Posted July 17, 2017 by Rashmi D @ 4:24 am
Research reveals that most shoppers make purchase decisions after reading negative reviews of product they want to buy
While analyzing customer experiences from two online retailers that sell cheaper products along with one retailer of high-end gifts, Northwestern University’s Spiegel Research Center and ecommerce solutions provider, Power Reviews, found that many times, even negative online reviews can be helpful for online retailers. It has been found that conversion rates rise by as much as 270% for retailers who display online reviews; such retailers are also able to sell more higher-priced. This isn’t the first time that negative reviews have shown such amazing outcomes for retailers. PowerReviews, in one of their earlier research exercises, found that 82% of shoppers look for negative reviews.
In fact, consumers to spend 400% more time on websites looking for and reading up negative reviews, which actually boost conversion rates by 67% according to social commerce specialist Revoo. What could be the apparent reason for this astonishing outcome? Well, it is second nature for consumers to be discernable realists and ratings like five on five stars for a product appear “too good to be true” for most customers. Such reviews don’t reveal much about the product anyway. It is the negative reviews that really review a product from different perspectives and they generally live up to what they say about a product. How else can they boost conversion by 67%?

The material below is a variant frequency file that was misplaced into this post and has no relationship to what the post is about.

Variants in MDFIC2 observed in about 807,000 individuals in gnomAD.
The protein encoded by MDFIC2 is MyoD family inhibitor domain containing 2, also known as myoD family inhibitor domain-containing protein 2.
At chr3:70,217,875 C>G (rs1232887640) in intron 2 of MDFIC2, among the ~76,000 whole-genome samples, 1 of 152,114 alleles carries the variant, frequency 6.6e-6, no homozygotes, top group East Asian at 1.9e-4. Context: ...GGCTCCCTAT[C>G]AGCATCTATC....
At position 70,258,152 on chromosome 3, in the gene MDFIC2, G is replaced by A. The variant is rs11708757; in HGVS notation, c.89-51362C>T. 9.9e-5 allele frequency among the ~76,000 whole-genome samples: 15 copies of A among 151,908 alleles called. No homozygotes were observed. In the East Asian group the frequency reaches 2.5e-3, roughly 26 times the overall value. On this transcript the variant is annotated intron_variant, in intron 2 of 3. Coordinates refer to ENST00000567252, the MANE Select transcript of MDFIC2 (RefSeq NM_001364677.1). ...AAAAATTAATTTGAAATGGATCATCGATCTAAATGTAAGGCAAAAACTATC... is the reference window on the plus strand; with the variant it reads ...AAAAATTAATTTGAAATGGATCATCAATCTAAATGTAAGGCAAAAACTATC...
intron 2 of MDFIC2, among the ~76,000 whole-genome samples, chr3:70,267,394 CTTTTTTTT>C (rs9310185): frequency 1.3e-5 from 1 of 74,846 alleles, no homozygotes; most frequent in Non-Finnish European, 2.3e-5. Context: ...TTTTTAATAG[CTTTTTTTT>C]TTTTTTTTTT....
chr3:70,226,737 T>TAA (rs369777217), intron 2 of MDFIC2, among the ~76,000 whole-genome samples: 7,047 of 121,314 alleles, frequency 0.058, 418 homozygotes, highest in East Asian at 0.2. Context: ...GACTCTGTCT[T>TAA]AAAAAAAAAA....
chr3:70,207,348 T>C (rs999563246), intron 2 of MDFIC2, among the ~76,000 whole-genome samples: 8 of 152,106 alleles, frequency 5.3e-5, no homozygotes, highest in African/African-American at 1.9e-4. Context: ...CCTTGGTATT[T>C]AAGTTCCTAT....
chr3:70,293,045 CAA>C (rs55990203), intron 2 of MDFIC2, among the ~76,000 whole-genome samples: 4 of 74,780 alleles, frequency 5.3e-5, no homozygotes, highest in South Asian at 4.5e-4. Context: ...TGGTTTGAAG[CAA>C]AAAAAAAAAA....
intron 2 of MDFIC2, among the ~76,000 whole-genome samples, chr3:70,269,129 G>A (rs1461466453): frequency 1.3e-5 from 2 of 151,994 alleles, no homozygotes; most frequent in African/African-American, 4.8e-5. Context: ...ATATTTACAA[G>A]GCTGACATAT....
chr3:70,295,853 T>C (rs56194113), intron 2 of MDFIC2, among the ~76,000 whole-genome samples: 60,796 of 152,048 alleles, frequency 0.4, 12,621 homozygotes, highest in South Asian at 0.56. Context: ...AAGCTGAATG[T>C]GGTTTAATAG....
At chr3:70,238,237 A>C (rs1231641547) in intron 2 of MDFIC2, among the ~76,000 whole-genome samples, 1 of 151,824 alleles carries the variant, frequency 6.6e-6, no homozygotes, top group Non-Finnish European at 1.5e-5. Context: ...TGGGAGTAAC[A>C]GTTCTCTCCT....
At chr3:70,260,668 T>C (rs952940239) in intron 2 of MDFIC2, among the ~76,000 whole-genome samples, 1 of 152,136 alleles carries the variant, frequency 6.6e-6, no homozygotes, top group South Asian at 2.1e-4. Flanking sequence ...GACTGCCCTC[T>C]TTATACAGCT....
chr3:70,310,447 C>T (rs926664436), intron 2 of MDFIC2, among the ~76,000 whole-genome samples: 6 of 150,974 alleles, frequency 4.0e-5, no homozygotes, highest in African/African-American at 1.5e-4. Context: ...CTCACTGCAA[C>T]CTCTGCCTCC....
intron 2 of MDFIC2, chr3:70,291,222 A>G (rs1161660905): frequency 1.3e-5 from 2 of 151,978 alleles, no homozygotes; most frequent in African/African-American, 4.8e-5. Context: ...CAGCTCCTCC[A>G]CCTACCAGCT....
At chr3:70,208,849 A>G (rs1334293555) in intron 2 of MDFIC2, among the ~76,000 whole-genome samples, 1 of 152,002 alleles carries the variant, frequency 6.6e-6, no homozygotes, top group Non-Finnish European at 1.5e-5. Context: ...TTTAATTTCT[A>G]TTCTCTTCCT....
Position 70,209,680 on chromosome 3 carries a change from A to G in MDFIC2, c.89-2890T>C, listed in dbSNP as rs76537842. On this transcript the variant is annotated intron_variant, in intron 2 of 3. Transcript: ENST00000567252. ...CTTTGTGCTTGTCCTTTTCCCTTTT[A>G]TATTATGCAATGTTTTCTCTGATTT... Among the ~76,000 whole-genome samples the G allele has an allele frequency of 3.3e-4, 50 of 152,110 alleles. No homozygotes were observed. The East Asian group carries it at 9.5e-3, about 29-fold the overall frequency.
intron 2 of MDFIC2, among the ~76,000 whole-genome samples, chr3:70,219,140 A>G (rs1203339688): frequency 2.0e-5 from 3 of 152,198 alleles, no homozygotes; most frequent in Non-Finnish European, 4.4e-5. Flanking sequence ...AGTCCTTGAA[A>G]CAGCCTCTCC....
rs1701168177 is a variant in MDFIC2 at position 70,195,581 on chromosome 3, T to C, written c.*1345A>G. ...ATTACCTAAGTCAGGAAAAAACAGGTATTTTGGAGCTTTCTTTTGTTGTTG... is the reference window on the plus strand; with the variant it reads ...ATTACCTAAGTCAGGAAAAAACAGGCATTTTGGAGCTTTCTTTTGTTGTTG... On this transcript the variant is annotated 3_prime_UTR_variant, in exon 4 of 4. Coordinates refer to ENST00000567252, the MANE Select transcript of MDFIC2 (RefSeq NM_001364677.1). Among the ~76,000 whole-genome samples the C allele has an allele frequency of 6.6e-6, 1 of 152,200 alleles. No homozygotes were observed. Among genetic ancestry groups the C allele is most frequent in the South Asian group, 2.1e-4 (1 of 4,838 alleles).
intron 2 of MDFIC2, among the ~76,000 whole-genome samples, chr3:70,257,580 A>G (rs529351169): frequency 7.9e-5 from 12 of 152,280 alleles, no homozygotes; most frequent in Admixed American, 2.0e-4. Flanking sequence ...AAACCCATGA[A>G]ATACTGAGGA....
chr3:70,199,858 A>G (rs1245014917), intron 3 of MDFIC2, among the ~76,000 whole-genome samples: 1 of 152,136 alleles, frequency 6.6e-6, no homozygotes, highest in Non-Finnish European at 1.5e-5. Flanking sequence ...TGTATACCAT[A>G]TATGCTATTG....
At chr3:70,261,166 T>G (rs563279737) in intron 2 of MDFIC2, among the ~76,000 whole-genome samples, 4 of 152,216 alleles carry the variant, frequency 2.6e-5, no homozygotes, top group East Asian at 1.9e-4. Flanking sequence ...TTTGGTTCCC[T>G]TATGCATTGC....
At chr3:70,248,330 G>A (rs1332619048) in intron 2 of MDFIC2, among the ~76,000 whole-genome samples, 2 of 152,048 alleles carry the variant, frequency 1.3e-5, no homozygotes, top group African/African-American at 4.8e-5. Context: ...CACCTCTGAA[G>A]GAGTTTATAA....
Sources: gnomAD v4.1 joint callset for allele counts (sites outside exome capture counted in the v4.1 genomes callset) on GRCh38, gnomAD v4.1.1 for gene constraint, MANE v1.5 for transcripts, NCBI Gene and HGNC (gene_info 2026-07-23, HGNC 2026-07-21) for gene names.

The study by Spiegel and PowerReviews found that negative reviews increase the likelihood of readers making a purchase and products with average ratings between 4.0 and 4.7 on a scale of five are the ones that are most likely to be bought. This is far better than five on five rating because it leaves space for what is known as scope for improvement. That’s a lot more rational than the ‘5 gun salute’ because it helps keep average ratings down. Ratings between 4.0 and 4.7 also mean that the reviewer thinks the product to be optimum and not necessarily premium. Most consumers are generally happy with an optimum product that meets both their budget and expectations to a large extent.